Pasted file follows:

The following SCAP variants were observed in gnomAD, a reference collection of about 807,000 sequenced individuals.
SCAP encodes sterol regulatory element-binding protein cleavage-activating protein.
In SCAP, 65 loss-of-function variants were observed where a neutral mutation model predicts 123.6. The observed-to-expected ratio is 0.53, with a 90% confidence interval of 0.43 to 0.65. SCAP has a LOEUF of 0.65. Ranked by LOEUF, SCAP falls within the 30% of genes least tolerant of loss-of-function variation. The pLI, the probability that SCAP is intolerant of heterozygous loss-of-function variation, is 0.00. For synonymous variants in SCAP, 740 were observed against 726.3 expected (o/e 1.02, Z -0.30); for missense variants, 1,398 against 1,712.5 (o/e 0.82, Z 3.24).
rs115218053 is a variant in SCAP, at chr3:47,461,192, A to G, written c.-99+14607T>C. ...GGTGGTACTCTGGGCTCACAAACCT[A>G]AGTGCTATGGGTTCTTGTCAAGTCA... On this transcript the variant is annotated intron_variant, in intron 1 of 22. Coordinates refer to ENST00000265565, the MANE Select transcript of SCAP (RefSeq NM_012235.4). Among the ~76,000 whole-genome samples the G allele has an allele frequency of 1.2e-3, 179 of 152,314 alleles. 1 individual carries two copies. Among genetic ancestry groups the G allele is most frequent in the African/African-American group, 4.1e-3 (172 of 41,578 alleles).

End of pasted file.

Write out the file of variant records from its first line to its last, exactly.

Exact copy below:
The following SCAP variants were observed in gnomAD, a reference collection of about 807,000 sequenced individuals.
SCAP encodes sterol regulatory element-binding protein cleavage-activating protein.
In SCAP, 65 loss-of-function variants were observed where a neutral mutation model predicts 123.6. The observed-to-expected ratio is 0.53, with a 90% confidence interval of 0.43 to 0.65. SCAP has a LOEUF of 0.65. Ranked by LOEUF, SCAP falls within the 30% of genes least tolerant of loss-of-function variation. The pLI, the probability that SCAP is intolerant of heterozygous loss-of-function variation, is 0.00. For synonymous variants in SCAP, 740 were observed against 726.3 expected (o/e 1.02, Z -0.30); for missense variants, 1,398 against 1,712.5 (o/e 0.82, Z 3.24).
rs115218053 is a variant in SCAP, at chr3:47,461,192, A to G, written c.-99+14607T>C. ...GGTGGTACTCTGGGCTCACAAACCT[A>G]AGTGCTATGGGTTCTTGTCAAGTCA... On this transcript the variant is annotated intron_variant, in intron 1 of 22. Coordinates refer to ENST00000265565, the MANE Select transcript of SCAP (RefSeq NM_012235.4). Among the ~76,000 whole-genome samples the G allele has an allele frequency of 1.2e-3, 179 of 152,314 alleles. 1 individual carries two copies. Among genetic ancestry groups the G allele is most frequent in the African/African-American group, 4.1e-3 (172 of 41,578 alleles).